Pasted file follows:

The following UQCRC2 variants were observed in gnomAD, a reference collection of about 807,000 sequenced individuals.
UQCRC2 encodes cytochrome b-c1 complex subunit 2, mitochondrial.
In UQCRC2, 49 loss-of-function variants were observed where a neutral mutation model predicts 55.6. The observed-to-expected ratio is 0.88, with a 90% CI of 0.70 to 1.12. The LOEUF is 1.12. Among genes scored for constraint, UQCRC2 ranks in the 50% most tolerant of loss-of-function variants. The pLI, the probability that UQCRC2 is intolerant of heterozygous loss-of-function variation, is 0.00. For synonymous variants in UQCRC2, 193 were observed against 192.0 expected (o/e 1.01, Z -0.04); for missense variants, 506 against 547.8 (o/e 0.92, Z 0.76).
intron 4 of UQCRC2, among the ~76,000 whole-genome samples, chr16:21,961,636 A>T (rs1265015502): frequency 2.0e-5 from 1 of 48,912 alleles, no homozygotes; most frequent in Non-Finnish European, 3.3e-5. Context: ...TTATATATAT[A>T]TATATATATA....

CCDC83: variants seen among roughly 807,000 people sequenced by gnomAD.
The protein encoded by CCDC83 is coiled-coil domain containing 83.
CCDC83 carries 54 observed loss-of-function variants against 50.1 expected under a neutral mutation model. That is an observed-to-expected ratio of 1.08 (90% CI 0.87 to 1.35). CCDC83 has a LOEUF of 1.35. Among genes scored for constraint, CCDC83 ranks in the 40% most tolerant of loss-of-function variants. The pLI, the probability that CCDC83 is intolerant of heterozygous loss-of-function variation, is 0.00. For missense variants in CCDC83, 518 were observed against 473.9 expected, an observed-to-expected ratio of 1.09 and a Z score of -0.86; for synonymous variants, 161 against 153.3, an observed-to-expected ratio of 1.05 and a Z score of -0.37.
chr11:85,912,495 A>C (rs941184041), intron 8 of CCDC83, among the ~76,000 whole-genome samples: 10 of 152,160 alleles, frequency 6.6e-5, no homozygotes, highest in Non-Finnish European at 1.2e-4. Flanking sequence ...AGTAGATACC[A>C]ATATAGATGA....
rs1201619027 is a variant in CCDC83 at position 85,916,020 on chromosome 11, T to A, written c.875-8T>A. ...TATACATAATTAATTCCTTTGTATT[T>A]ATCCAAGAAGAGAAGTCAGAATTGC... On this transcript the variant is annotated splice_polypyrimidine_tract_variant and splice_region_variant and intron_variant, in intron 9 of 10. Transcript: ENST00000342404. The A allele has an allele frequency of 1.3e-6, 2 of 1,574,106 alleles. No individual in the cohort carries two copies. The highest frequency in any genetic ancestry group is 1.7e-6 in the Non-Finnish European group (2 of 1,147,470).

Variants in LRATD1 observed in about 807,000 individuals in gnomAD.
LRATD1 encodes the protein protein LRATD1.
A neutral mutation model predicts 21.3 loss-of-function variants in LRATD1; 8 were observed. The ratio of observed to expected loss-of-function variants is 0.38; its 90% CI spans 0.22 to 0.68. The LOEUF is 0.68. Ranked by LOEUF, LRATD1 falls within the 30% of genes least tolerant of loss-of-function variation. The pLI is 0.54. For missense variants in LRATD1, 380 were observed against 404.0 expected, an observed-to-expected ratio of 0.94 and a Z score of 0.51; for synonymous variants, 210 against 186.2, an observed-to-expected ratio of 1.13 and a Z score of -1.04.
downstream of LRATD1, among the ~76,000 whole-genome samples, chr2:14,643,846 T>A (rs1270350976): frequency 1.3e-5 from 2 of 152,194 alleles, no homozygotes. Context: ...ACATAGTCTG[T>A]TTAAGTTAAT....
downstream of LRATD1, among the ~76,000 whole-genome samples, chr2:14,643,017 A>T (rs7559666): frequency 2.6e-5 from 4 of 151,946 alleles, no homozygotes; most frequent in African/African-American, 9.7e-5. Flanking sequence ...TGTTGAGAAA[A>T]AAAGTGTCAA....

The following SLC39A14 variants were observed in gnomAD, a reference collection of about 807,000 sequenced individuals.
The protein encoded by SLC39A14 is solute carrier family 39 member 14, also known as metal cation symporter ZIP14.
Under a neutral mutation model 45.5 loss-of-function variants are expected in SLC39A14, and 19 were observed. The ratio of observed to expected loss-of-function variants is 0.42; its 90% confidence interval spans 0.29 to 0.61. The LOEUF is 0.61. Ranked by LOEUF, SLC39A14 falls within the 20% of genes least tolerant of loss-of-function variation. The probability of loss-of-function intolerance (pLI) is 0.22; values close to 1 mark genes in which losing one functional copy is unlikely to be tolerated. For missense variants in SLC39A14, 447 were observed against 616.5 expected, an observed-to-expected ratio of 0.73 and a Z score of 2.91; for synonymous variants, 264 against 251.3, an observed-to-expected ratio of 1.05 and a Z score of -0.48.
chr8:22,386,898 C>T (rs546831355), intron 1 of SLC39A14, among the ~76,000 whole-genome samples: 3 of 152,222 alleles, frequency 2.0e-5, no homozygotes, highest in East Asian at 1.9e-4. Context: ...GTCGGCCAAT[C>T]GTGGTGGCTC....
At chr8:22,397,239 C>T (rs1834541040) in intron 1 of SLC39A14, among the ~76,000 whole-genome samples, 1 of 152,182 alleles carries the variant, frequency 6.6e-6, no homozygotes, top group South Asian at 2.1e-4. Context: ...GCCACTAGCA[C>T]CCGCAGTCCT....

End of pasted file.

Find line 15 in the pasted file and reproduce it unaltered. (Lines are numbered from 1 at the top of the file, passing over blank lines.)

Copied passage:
The following SLC39A14 variants were observed in gnomAD, a reference collection of about 807,000 sequenced individuals.